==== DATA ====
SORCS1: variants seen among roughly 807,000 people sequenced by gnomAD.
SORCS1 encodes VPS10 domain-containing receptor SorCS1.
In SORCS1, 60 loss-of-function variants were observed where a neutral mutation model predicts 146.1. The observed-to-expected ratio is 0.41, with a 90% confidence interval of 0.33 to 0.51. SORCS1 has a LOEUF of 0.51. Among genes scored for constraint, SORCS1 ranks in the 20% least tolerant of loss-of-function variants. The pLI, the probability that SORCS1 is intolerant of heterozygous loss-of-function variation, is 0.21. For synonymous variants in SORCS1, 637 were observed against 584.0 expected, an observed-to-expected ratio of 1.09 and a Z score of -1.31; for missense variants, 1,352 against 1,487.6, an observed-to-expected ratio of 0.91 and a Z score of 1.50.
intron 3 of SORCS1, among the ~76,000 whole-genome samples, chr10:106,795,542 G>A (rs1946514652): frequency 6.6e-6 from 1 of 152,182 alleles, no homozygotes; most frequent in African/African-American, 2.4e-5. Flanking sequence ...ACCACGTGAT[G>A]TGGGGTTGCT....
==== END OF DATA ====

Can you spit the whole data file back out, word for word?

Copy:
SORCS1: variants seen among roughly 807,000 people sequenced by gnomAD.
SORCS1 encodes VPS10 domain-containing receptor SorCS1.
In SORCS1, 60 loss-of-function variants were observed where a neutral mutation model predicts 146.1. The observed-to-expected ratio is 0.41, with a 90% confidence interval of 0.33 to 0.51. SORCS1 has a LOEUF of 0.51. Among genes scored for constraint, SORCS1 ranks in the 20% least tolerant of loss-of-function variants. The pLI, the probability that SORCS1 is intolerant of heterozygous loss-of-function variation, is 0.21. For synonymous variants in SORCS1, 637 were observed against 584.0 expected, an observed-to-expected ratio of 1.09 and a Z score of -1.31; for missense variants, 1,352 against 1,487.6, an observed-to-expected ratio of 0.91 and a Z score of 1.50.
intron 3 of SORCS1, among the ~76,000 whole-genome samples, chr10:106,795,542 G>A (rs1946514652): frequency 6.6e-6 from 1 of 152,182 alleles, no homozygotes; most frequent in African/African-American, 2.4e-5. Flanking sequence ...ACCACGTGAT[G>A]TGGGGTTGCT....